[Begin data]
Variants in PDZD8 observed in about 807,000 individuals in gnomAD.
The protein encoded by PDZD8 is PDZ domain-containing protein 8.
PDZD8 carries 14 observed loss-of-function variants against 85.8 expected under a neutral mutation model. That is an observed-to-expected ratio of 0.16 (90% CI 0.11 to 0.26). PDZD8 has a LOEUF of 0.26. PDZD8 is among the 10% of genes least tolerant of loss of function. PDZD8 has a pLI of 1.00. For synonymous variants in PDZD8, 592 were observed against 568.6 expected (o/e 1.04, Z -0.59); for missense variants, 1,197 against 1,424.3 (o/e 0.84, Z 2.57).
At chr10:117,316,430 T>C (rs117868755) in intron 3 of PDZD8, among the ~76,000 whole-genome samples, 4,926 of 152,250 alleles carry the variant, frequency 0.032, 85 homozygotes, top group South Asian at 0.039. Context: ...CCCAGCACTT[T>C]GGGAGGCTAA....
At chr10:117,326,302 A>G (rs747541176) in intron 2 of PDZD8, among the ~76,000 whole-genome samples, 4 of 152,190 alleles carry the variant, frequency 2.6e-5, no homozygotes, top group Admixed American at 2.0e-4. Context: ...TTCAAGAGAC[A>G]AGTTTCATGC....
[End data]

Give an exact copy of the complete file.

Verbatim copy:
Variants in PDZD8 observed in about 807,000 individuals in gnomAD.
The protein encoded by PDZD8 is PDZ domain-containing protein 8.
PDZD8 carries 14 observed loss-of-function variants against 85.8 expected under a neutral mutation model. That is an observed-to-expected ratio of 0.16 (90% CI 0.11 to 0.26). PDZD8 has a LOEUF of 0.26. PDZD8 is among the 10% of genes least tolerant of loss of function. PDZD8 has a pLI of 1.00. For synonymous variants in PDZD8, 592 were observed against 568.6 expected (o/e 1.04, Z -0.59); for missense variants, 1,197 against 1,424.3 (o/e 0.84, Z 2.57).
At chr10:117,316,430 T>C (rs117868755) in intron 3 of PDZD8, among the ~76,000 whole-genome samples, 4,926 of 152,250 alleles carry the variant, frequency 0.032, 85 homozygotes, top group South Asian at 0.039. Context: ...CCCAGCACTT[T>C]GGGAGGCTAA....
At chr10:117,326,302 A>G (rs747541176) in intron 2 of PDZD8, among the ~76,000 whole-genome samples, 4 of 152,190 alleles carry the variant, frequency 2.6e-5, no homozygotes, top group Admixed American at 2.0e-4. Context: ...TTCAAGAGAC[A>G]AGTTTCATGC....